“Memphis” by Tara M. Stringfellow is at its core a book about family. The family we’re born into, as far as our blood ties, but then also family, from the perspective of community, the neighborhoods we grow up in, the environments in which we’re raised and how those relationships and interactions shape us as people. At the center of the novel are four female characters who are related by blood through mother daughter and sister sister relationships.
Category: <span>Book Reviews</span>
“Just Pursuit” by Laura Coates is a memoir about a Black female prosecutor and her time at the Department of Justice. You get the perspective of her coming into the agency as someone new to the office, and then a bit of insight as she gets a bit further along in her career. Now, to be clear, this isn’t a chronological story or a day-by-day account of her career at the Department of Justice. Instead, Coates picks out a few significant cases and discusses what was going on in her life at the time, the details of the case, and how the case affected her.
“Yonder” by Jabari Asim is in a sense a slave narrative but it differs from others as it doesn’t just follow one particular character but rather a group. And specifically a group comprised of people who share typical relationships that we might take for granted. Within the group are two sets of couples who share romantic love at different stages. A couple of soon-to-be parents anxious about the birth of their child. Another couple apprehensive about taking a chance to find love in a new relationship after multiple heartbreaks. And then overall friendship between all of the members of the group.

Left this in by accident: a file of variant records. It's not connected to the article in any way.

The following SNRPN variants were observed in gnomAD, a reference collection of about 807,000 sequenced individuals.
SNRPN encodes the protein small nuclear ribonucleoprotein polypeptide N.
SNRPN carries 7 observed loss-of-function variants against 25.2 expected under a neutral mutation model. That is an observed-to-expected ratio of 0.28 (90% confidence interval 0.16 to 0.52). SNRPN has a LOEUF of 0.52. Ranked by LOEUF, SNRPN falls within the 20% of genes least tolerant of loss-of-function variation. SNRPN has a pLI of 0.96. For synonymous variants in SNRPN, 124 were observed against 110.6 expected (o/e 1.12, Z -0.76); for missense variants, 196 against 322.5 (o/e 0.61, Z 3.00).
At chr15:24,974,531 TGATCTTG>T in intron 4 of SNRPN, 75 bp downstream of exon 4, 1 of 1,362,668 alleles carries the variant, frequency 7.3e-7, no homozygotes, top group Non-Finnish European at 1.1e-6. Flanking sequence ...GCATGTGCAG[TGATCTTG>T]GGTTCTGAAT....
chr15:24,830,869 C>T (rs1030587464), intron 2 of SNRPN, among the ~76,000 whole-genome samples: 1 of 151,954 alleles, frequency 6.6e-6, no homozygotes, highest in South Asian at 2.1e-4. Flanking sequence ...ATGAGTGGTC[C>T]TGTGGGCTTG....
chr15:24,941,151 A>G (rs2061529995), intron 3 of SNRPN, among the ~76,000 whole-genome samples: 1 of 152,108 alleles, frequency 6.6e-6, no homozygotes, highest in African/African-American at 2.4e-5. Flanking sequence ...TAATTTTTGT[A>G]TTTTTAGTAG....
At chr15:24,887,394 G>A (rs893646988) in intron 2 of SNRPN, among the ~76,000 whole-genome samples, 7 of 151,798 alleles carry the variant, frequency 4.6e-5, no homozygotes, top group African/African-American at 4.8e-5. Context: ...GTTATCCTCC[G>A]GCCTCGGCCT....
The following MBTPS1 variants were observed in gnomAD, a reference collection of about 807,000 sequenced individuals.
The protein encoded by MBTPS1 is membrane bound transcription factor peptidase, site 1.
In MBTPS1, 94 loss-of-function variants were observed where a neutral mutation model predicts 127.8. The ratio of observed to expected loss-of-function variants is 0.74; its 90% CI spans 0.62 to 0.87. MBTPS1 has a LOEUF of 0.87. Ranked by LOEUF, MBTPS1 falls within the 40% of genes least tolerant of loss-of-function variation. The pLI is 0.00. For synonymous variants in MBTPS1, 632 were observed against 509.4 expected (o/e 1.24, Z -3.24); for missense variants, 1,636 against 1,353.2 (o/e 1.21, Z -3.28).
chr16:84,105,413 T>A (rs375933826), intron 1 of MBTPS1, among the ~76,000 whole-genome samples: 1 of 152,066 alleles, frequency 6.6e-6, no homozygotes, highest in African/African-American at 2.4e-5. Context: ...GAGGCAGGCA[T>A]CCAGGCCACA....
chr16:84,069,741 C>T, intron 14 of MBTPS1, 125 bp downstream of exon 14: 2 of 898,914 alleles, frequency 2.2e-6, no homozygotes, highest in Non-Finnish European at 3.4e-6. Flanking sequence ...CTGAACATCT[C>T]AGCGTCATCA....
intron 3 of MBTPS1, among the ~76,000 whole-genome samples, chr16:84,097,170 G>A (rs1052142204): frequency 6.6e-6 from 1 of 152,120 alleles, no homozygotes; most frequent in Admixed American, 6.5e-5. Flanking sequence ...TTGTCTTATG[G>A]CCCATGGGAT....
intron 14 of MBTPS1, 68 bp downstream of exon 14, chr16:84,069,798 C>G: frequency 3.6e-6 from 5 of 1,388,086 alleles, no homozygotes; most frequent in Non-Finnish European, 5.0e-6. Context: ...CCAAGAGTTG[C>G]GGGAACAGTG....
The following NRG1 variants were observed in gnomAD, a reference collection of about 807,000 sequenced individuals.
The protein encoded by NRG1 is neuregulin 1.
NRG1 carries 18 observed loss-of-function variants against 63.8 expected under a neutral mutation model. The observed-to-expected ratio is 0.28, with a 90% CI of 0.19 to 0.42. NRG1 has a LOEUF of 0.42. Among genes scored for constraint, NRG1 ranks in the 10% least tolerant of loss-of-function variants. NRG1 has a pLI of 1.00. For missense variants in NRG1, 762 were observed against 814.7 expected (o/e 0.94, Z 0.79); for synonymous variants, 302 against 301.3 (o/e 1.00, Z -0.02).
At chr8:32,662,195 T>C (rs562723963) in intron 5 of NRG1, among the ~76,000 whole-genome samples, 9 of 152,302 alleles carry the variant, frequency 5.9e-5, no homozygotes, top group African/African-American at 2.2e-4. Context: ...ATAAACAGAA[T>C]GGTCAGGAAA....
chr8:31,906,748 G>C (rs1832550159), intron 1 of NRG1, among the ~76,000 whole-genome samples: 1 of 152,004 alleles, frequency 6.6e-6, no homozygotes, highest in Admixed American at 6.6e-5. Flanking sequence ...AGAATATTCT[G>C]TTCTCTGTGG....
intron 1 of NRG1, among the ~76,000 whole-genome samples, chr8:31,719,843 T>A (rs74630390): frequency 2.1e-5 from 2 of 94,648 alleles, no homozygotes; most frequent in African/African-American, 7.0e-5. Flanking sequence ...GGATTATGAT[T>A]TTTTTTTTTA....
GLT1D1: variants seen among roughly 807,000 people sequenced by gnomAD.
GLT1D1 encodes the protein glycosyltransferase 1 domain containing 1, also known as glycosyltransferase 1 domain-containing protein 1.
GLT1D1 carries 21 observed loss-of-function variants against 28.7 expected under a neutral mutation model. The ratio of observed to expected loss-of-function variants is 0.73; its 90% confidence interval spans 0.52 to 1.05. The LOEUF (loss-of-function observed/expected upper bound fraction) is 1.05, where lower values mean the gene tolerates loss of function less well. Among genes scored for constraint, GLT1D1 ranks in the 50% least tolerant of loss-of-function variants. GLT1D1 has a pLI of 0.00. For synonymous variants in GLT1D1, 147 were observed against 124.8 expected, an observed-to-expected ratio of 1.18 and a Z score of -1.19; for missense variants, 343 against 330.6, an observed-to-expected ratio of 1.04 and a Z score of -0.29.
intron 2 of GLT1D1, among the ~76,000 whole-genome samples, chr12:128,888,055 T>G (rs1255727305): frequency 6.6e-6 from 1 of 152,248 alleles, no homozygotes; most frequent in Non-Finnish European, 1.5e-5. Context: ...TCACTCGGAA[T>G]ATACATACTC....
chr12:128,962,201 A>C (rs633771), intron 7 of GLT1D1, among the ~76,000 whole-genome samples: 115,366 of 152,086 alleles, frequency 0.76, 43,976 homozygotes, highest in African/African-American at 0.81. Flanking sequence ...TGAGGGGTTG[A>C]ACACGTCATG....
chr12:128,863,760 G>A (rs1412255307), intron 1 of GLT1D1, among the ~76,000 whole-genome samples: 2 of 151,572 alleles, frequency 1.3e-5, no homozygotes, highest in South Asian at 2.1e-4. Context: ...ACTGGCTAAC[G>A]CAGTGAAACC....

“Just As I Am” is a memoir about the long and storied life of legendary actress Cicely Tyson. Clocking in at 400+ pages, the book discusses the nitty gritty of her personal life and professional career. With refreshing candor, Tyson looks back over her life to discuss how the circumstances of her childhood in Harlem later shaped her relationship with herself and others.
“Take My Hand” by Dolen Perkins-Valdez tells the story of a recently graduated nurse who learns about an unethical medical program and becomes a whistleblower. The year is 1973 and determined to step out from her MD father’s shadow, Civil Townsend has found her first job as a nurse at a local community clinic rather than her father’s practice. Hoping to make a difference, Civil welcomes the opportunity to provide family planning advice and resources to her patients. That is until she’s faced with an ethical delimma avfter forming a connection with two preteen girls under her care.